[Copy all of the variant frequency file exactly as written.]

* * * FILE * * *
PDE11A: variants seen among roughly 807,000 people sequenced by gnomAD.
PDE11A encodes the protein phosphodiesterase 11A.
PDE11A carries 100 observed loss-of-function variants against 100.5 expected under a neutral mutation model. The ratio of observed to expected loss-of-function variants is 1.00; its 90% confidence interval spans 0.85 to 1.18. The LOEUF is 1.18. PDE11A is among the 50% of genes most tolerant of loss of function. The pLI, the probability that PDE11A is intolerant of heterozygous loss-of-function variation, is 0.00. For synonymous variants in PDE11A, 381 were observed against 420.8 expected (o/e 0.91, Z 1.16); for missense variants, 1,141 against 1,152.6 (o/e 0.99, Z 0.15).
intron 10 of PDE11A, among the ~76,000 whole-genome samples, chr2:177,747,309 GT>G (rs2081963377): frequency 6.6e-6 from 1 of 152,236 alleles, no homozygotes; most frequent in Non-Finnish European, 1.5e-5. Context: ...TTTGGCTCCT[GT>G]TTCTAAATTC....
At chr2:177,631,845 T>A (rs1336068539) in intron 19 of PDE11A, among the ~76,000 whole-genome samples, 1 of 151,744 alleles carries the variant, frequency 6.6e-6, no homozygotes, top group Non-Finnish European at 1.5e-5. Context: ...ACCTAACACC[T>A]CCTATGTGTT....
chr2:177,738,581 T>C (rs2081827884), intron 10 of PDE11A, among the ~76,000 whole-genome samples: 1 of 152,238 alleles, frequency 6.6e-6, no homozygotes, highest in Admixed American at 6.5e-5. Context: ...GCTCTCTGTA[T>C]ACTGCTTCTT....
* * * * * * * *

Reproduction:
PDE11A: variants seen among roughly 807,000 people sequenced by gnomAD.
PDE11A encodes the protein phosphodiesterase 11A.
PDE11A carries 100 observed loss-of-function variants against 100.5 expected under a neutral mutation model. The ratio of observed to expected loss-of-function variants is 1.00; its 90% confidence interval spans 0.85 to 1.18. The LOEUF is 1.18. PDE11A is among the 50% of genes most tolerant of loss of function. The pLI, the probability that PDE11A is intolerant of heterozygous loss-of-function variation, is 0.00. For synonymous variants in PDE11A, 381 were observed against 420.8 expected (o/e 0.91, Z 1.16); for missense variants, 1,141 against 1,152.6 (o/e 0.99, Z 0.15).
intron 10 of PDE11A, among the ~76,000 whole-genome samples, chr2:177,747,309 GT>G (rs2081963377): frequency 6.6e-6 from 1 of 152,236 alleles, no homozygotes; most frequent in Non-Finnish European, 1.5e-5. Context: ...TTTGGCTCCT[GT>G]TTCTAAATTC....
At chr2:177,631,845 T>A (rs1336068539) in intron 19 of PDE11A, among the ~76,000 whole-genome samples, 1 of 151,744 alleles carries the variant, frequency 6.6e-6, no homozygotes, top group Non-Finnish European at 1.5e-5. Context: ...ACCTAACACC[T>A]CCTATGTGTT....
chr2:177,738,581 T>C (rs2081827884), intron 10 of PDE11A, among the ~76,000 whole-genome samples: 1 of 152,238 alleles, frequency 6.6e-6, no homozygotes, highest in Admixed American at 6.5e-5. Context: ...GCTCTCTGTA[T>C]ACTGCTTCTT....